Fires, not fireworks, in Dubai, Manila

The fire at the Address Downtown Dubai hotel and residential block (above) sparked an evacuation and police said 14 people were slightly injured. In Manila, a lit firecracker started a blaze in a slum (left) early on New Year's Day, sending residents
The fire at the Address Downtown Dubai hotel and residential block (above) sparked an evacuation and police said 14 people were slightly injured. In Manila, a lit firecracker started a blaze in a slum early on New Year's Day, sending residents fleeing.PHOTOS: EUROPEAN PRESSPHOTO AGENCY
The fire at the Address Downtown Dubai hotel and residential block (above) sparked an evacuation and police said 14 people were slightly injured. In Manila, a lit firecracker started a blaze in a slum (left) early on New Year's Day, sending residents
The fire at the Address Downtown Dubai hotel and residential block sparked an evacuation and police said 14 people were slightly injured. In Manila, a lit firecracker started a blaze in a slum (above) early on New Year's Day, sending residents fleeing.PHOTOS: EUROPEAN PRESSPHOTO AGENCY

Probe into inferno at prominent skyscraper; 3,000 homeless in Philippine slum blaze

DUBAI • Firefighters yesterday appeared to have mostly extinguished a blaze that suddenly engulfed one of Dubai's most prominent skyscrapers on New Year's Eve, said witnesses.

Plumes of white smoke still emanated from the charred, 63-storey Address Downtown Dubai hotel and residential block at daybreak, but civil defence crews had mostly extinguished the flames which erupted at around 9.30pm.

Dubai police said on Thursday that the building was evacuated and only 14 people were slightly injured, but a medic at the scene said more than 60 were treated for mild smoke inhalation and problems caused by crowding as they fled. Witnesses described seeing flaming debris falling from the building as occupants left, some running.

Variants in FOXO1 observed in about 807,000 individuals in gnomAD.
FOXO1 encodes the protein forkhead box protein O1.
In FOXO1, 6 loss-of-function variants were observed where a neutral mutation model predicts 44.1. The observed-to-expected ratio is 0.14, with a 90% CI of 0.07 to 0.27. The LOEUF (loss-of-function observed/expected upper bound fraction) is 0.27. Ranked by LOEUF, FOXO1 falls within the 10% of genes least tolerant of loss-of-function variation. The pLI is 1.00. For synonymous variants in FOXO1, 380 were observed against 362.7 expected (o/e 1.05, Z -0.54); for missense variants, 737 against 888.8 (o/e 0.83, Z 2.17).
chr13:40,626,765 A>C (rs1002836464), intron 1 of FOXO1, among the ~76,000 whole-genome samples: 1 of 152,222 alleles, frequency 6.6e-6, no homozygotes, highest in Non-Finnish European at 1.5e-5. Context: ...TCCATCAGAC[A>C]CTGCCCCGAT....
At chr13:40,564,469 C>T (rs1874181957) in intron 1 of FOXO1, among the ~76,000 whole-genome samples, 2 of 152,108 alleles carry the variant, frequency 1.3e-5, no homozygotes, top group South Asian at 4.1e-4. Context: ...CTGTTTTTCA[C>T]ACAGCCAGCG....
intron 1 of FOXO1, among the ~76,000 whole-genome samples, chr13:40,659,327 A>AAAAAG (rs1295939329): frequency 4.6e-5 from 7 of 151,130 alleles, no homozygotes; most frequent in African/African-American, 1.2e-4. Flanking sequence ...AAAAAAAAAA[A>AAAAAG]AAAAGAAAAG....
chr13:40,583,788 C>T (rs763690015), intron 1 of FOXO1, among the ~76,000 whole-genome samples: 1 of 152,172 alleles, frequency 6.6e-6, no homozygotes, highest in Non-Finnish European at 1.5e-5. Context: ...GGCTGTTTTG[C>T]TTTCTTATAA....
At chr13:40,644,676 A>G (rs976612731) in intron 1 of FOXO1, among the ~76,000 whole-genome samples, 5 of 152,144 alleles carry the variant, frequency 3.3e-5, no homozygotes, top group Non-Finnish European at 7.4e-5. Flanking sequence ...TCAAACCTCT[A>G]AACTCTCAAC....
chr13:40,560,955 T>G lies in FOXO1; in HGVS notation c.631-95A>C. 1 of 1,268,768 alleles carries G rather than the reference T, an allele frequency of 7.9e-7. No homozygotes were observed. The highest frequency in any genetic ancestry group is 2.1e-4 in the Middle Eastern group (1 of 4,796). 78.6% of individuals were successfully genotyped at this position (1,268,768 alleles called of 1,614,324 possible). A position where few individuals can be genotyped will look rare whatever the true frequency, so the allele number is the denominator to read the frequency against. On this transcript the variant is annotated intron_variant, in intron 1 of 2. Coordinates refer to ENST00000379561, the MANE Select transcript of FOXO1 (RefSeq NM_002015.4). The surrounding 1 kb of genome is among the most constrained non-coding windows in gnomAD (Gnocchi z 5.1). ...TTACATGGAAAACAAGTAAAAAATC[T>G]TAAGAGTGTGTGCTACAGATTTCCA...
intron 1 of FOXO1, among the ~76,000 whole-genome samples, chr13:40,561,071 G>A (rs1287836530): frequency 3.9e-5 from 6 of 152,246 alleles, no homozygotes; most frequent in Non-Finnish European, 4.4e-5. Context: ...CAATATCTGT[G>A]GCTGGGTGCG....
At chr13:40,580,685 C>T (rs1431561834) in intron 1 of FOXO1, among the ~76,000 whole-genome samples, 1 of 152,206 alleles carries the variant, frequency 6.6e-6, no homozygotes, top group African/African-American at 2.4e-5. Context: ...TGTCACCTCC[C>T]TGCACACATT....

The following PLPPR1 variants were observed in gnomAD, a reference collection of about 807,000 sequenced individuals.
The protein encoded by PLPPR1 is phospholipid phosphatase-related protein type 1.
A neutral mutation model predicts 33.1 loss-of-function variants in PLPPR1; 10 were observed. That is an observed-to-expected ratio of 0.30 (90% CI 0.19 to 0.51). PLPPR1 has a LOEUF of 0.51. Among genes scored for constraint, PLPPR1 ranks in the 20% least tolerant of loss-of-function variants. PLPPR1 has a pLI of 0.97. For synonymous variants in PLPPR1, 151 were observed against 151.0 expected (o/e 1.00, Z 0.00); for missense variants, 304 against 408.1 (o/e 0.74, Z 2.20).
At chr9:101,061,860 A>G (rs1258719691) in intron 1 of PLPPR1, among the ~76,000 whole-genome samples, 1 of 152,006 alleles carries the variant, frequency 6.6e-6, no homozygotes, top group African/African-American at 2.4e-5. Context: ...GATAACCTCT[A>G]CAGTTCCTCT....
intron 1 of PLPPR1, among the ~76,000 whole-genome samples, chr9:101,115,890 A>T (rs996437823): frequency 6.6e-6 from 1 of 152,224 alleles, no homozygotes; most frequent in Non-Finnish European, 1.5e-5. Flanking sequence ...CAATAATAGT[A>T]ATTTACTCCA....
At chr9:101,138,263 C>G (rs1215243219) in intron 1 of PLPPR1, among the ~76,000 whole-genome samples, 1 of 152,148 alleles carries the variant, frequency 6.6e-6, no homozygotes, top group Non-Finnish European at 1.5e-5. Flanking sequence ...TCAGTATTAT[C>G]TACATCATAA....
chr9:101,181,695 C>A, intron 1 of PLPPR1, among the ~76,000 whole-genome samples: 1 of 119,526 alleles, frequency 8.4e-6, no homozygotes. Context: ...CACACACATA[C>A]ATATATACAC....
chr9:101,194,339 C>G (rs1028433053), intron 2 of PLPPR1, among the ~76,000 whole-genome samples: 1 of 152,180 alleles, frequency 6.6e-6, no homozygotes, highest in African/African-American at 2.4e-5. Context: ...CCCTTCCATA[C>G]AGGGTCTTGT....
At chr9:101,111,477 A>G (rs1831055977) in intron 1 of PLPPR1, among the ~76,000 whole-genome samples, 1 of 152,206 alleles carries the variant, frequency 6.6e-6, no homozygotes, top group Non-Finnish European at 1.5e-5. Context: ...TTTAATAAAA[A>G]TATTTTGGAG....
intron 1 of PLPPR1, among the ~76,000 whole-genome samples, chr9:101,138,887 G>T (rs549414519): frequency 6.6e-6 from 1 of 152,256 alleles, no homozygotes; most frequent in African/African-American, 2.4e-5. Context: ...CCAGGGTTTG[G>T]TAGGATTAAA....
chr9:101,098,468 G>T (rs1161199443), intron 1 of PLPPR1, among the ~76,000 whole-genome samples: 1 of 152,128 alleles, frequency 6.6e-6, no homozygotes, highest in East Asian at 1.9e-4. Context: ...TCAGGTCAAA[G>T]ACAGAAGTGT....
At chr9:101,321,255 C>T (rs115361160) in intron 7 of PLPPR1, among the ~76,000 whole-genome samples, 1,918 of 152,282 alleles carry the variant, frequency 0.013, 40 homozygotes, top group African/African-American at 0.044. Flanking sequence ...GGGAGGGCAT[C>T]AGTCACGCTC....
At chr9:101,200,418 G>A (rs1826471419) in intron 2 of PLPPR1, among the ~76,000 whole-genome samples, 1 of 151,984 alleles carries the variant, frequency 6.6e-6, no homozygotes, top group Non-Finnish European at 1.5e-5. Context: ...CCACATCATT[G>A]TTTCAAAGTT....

The New Year firework display, one of Dubai's most celebrated annual rites, went on as planned at the nearby Burj Khalifa, the world's tallest building. But most of the thousands of spectators were evacuated before it began.

Dubai, among the most open and peaceful cities in the war-battered Middle East, prides itself as a tourist and business hub. But the metropolis, one of seven emirates that make up the United Arab Emirates, may face questions about the safety of its rapidly constructed cityscape, especially after another famous high-rise caught fire last year. Security officials said the conflagration began on the outside of the structure at the 20th floor, and the deputy chief of police said the investigation into its cause was under way.

In the Philippines, a lit firecracker started a slum inferno which quickly spread, said fire bureau spokesman Renato Marcial. The blaze destroyed a maze of wood and cardboard huts in a Manila shantytown in the early hours of New Year's Day, leaving 3,000 people homeless, said city disaster officer Johnny Yu.

Panicked residents fled their burning homes while men, many of whom were drunk from merrymaking, tried to put out the fire with water. A 65-year-old woman died of a heart attack as she watched her house burn, Mr Yu said.

REUTERS, AGENCE FRANCE-PRESSE

A version of this article appeared in the print edition of The Straits Times on January 02, 2016, with the headline 'Fires, not fireworks, in Dubai, Manila'. Print Edition | Subscribe